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Arcade Archives: Ninja Gaiden (PlayStation 4) artwork

Arcade Archives: Ninja Gaiden (PlayStation 4) review

"You can't go home again. Even if you lived with ninjas."

A warning: this isn't the obnoxious NES platformer, which, difficult though it is, has managed to age quite well. No. This is the arcade beat-em-up far fewer have played and none but me have championed, which is just as obnoxious and difficult, but has managed to age quite poorly. Although to be fair, arcade Ninja Gaiden was probably never very good: I played it in my formative years, filling an actual arcade machine with quarters to beat it, and I loved it because I was young, it was cool, and it had ninjas.

So I was pretty excited to see Ninja Gaiden get the Hamster Arcade Archives treatment for the PS4. It’s a game that I once held an illogical, irrational love for; the kind of love that can only be born of nostalgia. To my credit, when I first reviewed this game over 15 years ago, when it was already 15 years old, though my take was already besotted by the nostalgia virus, I managed to temper its effect somewhat -- hence the average score I gave it. This is where I stop congratulating myself, as it turns out that my old review needed a whole lot more tempering. More time away has afforded me the perspective to provide a more pragmatic view on what is a severely flawed effort.

Before you can say: Hey, it's an old game! Don't be one of those hipster reviewers who miss the point and poke fun at 20-year-old relics for what are essentially inherent limitations! Which, distilled down, amounts to, this old game is so… old. That's not what I'm doing here. Ninja Gaiden doesn't hold up to even its own contemporaries. Its flaws run deep, and they were always there, undeniable and all-consuming.

Classics of the genre like Double Dragon, Golden Axe, and Final Fight, all demanded the same tactics. You sweep up-and-down the screen with your hero, strategically positioning your avatar just above or below an enemy, walking the bad guy onto your punches and kicks. You’re always moving, always circling, taking care that you are not flanked, which becomes increasingly difficult to do as more mobile enemies with greater range come at you in greater numbers as you progress.

Ninja Gaiden is no different in this regard. Yes, it meets the minimum standards for the genre -- we can celebrate. But it is different in two other regards though: one good, one bad. The good news first, then: I loved this arcade game for a reason, and that reason was its unique brand of cool. Besides the usual punch and kick combo, jumping and attacking did not effect a mere jumpkick. Instead, it permitted a cartwheel neck throw, which looks the way it sounds -- or the Phoenix Throw, as the game dubs the move, which does not. You'll toss enemies into telephone poles, pop machines, and telephone booths (remember those?). Sadly, you can’t toss enemies into other enemies. But you can find all-powerful sword power ups, and grab tree branches and street sign poles overhead in order to swing-kick back and forth as enemies line up to take two feet in the solar plexus.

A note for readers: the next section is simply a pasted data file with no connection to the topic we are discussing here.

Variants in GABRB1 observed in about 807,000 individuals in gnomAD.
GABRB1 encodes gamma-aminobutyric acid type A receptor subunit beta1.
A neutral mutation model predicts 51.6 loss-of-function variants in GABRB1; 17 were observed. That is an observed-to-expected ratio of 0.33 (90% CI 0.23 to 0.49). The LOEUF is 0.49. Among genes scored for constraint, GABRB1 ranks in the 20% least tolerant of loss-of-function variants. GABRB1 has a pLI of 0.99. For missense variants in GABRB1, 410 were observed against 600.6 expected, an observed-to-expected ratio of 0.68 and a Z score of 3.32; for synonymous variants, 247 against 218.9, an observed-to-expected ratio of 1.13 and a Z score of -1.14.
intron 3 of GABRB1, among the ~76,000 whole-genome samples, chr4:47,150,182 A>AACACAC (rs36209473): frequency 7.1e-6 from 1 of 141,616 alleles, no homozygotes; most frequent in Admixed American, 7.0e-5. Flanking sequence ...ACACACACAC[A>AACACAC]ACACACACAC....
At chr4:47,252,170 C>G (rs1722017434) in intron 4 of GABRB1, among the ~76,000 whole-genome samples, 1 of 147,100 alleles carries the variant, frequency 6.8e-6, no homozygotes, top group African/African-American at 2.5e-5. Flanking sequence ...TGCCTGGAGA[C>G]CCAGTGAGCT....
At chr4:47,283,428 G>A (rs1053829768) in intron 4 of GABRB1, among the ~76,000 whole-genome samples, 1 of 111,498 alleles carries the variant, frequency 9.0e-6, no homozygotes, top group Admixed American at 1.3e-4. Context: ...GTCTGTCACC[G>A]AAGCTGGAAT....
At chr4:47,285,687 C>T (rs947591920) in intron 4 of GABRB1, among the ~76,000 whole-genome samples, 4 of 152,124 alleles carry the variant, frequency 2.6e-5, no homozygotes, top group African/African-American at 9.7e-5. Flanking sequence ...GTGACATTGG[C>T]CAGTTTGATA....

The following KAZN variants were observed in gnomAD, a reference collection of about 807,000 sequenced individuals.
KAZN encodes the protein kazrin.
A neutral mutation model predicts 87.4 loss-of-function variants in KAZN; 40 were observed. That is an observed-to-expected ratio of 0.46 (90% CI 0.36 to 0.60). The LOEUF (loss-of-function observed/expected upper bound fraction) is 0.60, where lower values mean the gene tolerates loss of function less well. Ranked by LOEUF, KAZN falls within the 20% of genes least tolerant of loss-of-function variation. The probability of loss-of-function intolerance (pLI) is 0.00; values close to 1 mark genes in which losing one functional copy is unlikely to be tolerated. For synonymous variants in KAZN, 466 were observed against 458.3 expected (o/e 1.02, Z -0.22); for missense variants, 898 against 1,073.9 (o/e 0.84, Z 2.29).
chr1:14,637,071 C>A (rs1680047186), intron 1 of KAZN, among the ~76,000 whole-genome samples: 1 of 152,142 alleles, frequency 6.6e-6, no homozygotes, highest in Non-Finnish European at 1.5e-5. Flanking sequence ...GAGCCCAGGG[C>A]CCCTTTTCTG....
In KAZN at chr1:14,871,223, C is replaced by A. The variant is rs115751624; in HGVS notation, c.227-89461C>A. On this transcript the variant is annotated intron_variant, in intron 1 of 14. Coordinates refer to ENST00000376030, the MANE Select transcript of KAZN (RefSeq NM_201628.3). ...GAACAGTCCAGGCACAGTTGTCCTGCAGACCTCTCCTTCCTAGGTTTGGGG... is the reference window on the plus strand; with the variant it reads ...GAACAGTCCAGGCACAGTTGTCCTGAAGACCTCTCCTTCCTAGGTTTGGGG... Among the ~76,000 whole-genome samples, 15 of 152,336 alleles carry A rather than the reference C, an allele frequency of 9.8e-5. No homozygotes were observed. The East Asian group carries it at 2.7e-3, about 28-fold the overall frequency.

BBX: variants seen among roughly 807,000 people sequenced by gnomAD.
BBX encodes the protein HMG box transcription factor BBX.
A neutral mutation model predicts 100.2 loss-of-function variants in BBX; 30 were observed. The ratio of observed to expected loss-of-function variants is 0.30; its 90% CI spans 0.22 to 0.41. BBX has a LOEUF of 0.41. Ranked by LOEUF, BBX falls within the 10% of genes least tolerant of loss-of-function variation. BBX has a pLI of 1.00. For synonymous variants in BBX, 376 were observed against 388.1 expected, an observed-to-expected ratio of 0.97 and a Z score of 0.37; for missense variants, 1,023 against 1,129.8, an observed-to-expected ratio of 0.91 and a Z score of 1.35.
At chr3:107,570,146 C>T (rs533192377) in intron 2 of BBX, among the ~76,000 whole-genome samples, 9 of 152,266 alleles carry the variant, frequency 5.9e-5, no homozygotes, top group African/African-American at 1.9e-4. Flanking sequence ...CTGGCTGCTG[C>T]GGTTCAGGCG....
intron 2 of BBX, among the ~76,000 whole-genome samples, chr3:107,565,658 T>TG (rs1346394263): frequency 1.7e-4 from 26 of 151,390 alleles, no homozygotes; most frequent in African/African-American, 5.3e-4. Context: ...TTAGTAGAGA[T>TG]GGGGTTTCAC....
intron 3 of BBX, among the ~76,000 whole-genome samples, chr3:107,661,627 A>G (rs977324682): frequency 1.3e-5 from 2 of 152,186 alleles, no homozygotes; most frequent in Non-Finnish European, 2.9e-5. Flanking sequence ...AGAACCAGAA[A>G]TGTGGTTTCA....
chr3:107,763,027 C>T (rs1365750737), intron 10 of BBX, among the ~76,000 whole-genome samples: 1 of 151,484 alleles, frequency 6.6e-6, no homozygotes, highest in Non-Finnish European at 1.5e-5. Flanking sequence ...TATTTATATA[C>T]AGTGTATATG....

The game asks you to pound a sumo into submission, kip from high bar to bar across a busy street, and conquer a Vegas-style casino-themed level. And all of this to a wonderfully varied collection of tunes. From a rock rip-off of Iron Man (cleverly titled, "I Am Man"), to unexpectedly solid jazzy renditions, they are consistently hum-worthy. The enemies are a similarly eclectic bunch ranging from a shirtless giant who manages to to brandish an entire 12-feet of tree trunk as though it were a makeshift baseball bat, to a trio of hunched over masked men with Wolverine-like claws, to the scores of Jason Voorhees lookalikes who are a palette-swapped legion.

Ninja Gaiden is nothing if not… memorably strange. And that's fantastic -- different can be good! But about that other area where the game strays from the usual beat-em-up blueprint? Different can be catastrophic. For some reason, when you’re patrolling the screen trying to engage, it's quite difficult to tell if an enemy is on your 'level' or not. This imprecision makes picking a fight far more difficult than it should be. But you'll adjust, and you'll start consistently lining up bad guys to start throwing strikes, and with that under your belt, an even more egregious failing will begin to wear you down. And that's the way the game’s enemies stunlock your character to oblivion.